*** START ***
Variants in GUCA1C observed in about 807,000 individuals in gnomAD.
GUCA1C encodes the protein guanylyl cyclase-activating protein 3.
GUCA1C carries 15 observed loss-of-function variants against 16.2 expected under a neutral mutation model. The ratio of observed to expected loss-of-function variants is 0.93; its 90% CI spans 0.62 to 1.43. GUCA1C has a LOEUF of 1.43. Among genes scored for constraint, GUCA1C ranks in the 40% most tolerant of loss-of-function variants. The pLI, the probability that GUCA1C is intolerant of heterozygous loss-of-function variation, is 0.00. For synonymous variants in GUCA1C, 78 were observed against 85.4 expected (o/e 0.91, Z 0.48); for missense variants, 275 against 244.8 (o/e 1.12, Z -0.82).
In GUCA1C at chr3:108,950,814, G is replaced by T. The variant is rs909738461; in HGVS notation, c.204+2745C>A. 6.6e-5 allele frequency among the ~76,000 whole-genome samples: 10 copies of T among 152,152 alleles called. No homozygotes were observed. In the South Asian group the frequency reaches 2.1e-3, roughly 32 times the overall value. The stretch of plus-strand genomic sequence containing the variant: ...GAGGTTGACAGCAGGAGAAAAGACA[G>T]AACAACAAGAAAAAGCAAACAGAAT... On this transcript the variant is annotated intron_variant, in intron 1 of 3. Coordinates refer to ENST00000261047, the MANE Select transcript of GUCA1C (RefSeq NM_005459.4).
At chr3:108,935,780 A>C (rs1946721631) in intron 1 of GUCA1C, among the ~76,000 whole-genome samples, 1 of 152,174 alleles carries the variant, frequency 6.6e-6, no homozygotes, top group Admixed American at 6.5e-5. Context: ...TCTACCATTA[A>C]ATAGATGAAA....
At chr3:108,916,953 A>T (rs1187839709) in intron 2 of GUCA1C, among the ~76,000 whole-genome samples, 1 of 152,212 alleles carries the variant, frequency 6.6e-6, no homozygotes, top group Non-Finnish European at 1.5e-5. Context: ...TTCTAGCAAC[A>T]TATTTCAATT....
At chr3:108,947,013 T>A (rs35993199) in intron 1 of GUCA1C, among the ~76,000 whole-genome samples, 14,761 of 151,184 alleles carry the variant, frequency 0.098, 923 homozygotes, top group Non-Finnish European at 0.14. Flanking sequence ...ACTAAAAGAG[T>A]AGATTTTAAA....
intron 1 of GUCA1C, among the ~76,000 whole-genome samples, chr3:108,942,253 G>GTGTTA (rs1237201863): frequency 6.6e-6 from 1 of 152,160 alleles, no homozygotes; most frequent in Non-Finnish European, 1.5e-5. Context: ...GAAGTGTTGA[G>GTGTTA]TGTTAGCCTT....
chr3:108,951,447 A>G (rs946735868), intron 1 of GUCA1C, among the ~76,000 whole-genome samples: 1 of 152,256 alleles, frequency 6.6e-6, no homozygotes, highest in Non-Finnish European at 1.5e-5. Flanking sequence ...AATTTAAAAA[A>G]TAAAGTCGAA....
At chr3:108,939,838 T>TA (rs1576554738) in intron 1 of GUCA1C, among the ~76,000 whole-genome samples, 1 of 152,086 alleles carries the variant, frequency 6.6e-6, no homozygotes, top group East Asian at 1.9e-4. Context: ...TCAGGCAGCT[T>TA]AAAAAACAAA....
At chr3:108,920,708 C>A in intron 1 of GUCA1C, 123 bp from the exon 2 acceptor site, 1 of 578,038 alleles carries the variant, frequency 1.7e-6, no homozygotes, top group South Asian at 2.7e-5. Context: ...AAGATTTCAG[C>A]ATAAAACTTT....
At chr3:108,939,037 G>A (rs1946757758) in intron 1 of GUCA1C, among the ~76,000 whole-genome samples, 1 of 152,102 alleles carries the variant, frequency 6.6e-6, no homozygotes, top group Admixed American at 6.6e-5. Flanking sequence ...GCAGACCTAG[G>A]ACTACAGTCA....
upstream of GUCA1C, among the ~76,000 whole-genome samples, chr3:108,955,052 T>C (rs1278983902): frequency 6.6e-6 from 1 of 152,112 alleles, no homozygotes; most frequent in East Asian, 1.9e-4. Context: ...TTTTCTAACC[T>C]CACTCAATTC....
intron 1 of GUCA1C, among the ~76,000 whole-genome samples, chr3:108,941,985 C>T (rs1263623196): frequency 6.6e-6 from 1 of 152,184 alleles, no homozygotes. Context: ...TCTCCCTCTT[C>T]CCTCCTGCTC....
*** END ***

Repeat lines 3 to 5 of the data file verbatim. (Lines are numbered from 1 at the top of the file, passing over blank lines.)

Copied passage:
GUCA1C carries 15 observed loss-of-function variants against 16.2 expected under a neutral mutation model. The ratio of observed to expected loss-of-function variants is 0.93; its 90% CI spans 0.62 to 1.43. GUCA1C has a LOEUF of 1.43. Among genes scored for constraint, GUCA1C ranks in the 40% most tolerant of loss-of-function variants. The pLI, the probability that GUCA1C is intolerant of heterozygous loss-of-function variation, is 0.00. For synonymous variants in GUCA1C, 78 were observed against 85.4 expected (o/e 0.91, Z 0.48); for missense variants, 275 against 244.8 (o/e 1.12, Z -0.82).
In GUCA1C at chr3:108,950,814, G is replaced by T. The variant is rs909738461; in HGVS notation, c.204+2745C>A. 6.6e-5 allele frequency among the ~76,000 whole-genome samples: 10 copies of T among 152,152 alleles called. No homozygotes were observed. In the South Asian group the frequency reaches 2.1e-3, roughly 32 times the overall value. The stretch of plus-strand genomic sequence containing the variant: ...GAGGTTGACAGCAGGAGAAAAGACA[G>T]AACAACAAGAAAAAGCAAACAGAAT... On this transcript the variant is annotated intron_variant, in intron 1 of 3. Coordinates refer to ENST00000261047, the MANE Select transcript of GUCA1C (RefSeq NM_005459.4).
At chr3:108,935,780 A>C (rs1946721631) in intron 1 of GUCA1C, among the ~76,000 whole-genome samples, 1 of 152,174 alleles carries the variant, frequency 6.6e-6, no homozygotes, top group Admixed American at 6.5e-5. Context: ...TCTACCATTA[A>C]ATAGATGAAA....